Overall Rating Gold
Overall Score 68.36
Liaison Marianella Franklin
Submission Date Jan. 10, 2023

STARS v2.2

University of Texas Rio Grande Valley
IN-7: Community Garden

Status Score Responsible Party
Complete 0.50 / 0.50 Marianella Franklin
Director of Sustainability
The Office For Sustainability
"---" indicates that no data was submitted for this field

A brief description of the institution’s community garden:

The garden facility finished construction for its first phase early in 2014 and is located at the North East wing near the UTRGV Child Development Center. There has been 7,500 ft2 of land fully equipped with irrigation, access to the tool shed, and a shade-house dedicated for research under the Agroecology program. Adjacent to this is the UTRGV's state-of-the-art greenhouse equipped with a water wall, sprinklers, and fans ensuring optimum temperature

Research and teaching portions began with the Agroecology Lab and Dr. Racelis' Agroecology class, back in Fall '14. The garden was lush with okra, eggplant, peppers, basil, tomatoes, cucumber, beets, radishes, lettuce, kale, marigolds, zinnia, and cover crops growing.

There has been 2,500 ft2 set aside for a community garden, which is decorated with 15 raised beds. 9 student organizations including the Environmental Awareness Club, The Garden Club, SGA, and many more have signed up to grow, maintain, and harvest their yields.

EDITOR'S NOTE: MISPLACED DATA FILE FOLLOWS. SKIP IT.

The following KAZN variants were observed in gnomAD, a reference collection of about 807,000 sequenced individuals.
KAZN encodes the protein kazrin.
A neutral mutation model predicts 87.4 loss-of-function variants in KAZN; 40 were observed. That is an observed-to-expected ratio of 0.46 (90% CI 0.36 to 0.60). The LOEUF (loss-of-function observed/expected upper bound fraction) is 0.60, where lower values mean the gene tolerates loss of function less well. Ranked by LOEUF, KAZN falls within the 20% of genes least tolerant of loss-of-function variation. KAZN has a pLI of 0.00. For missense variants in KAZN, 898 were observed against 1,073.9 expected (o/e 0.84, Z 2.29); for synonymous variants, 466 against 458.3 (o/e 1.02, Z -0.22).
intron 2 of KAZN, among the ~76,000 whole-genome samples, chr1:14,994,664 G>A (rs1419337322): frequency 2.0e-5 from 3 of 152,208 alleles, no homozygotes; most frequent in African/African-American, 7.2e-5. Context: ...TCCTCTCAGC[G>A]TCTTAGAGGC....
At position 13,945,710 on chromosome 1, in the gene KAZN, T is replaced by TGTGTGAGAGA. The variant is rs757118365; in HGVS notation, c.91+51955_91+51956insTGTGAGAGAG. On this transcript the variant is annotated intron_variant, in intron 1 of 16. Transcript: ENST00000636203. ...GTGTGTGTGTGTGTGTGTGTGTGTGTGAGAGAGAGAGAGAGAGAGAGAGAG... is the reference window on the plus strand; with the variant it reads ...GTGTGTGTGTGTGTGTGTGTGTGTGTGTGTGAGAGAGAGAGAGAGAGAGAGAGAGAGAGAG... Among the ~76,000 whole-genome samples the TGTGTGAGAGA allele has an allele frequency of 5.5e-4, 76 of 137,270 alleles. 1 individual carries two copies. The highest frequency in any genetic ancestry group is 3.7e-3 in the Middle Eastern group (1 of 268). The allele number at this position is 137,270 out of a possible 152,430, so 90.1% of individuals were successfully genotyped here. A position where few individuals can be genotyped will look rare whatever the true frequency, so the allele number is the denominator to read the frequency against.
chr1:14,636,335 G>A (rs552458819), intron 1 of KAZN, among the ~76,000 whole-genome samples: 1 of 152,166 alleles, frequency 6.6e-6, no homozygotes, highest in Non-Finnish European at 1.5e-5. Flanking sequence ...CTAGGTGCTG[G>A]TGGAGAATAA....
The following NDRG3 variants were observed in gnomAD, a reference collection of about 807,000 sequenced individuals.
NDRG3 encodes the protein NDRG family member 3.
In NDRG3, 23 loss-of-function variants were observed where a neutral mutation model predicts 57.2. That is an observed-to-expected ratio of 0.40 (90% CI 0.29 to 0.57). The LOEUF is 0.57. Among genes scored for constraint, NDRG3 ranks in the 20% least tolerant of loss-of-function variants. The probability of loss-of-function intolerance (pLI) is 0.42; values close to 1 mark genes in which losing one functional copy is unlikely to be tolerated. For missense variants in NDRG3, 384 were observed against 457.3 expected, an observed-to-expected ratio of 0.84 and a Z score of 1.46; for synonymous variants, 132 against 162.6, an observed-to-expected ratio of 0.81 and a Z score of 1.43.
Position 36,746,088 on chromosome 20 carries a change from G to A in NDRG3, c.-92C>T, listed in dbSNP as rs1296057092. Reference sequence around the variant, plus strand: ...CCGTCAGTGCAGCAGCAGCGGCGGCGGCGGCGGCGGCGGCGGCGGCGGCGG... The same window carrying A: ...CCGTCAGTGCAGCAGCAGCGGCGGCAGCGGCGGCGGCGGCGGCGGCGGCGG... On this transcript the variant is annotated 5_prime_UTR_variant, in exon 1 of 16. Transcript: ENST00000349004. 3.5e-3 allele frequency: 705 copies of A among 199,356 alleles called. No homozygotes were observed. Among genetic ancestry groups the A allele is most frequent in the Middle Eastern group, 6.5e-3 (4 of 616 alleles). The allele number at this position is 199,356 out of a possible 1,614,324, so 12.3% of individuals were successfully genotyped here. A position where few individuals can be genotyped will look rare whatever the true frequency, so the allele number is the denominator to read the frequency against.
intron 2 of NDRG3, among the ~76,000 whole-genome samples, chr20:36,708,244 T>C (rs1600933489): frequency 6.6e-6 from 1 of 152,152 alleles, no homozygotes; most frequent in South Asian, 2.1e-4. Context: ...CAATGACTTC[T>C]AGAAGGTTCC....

UTRGV C.R.A.W.F.I.S.H Garden- The project for Climate Resilient Agroecological Watershed-Food Integration System for Husbandry (C.R.A.W.F.I.S.H) is an effort to help eliminate hunger across the entire Rio Grande Valley. Established by Dr. Christopher Gabler of the School of Earth, Environmental and Marine Sciences (SEEMS), the garden was created in the Brownsville campus and is made up of 12 garden plots, supported by PVC pipes and each contain an agricultural bed, containing fruits and vegetables, a suitable wetland, and a pond for aquaculture species, such as crawfish.


Hub of Prosperity/Farmer’s Market-The UTRGV agroecology program and Edinburg First United Methodist Church have made a collaborative effort to provide fresh product through farming efforts dubbed as the Hub of Prosperity. Through the Hub of Prosperity, student farmers are able to provide fresh produce through organic practices, meaning no chemicals are added to the vegetables they grow. This space also allows the student-led organization to have a weekly farmer’s market for the entire community, in which patrons can either go in-person to pick and choose their produce or purchase it online for pickup.


Website URL where information about the community garden is available:
Estimated number of individuals that use the institution’s community garden annually:

Additional documentation to support the submission:

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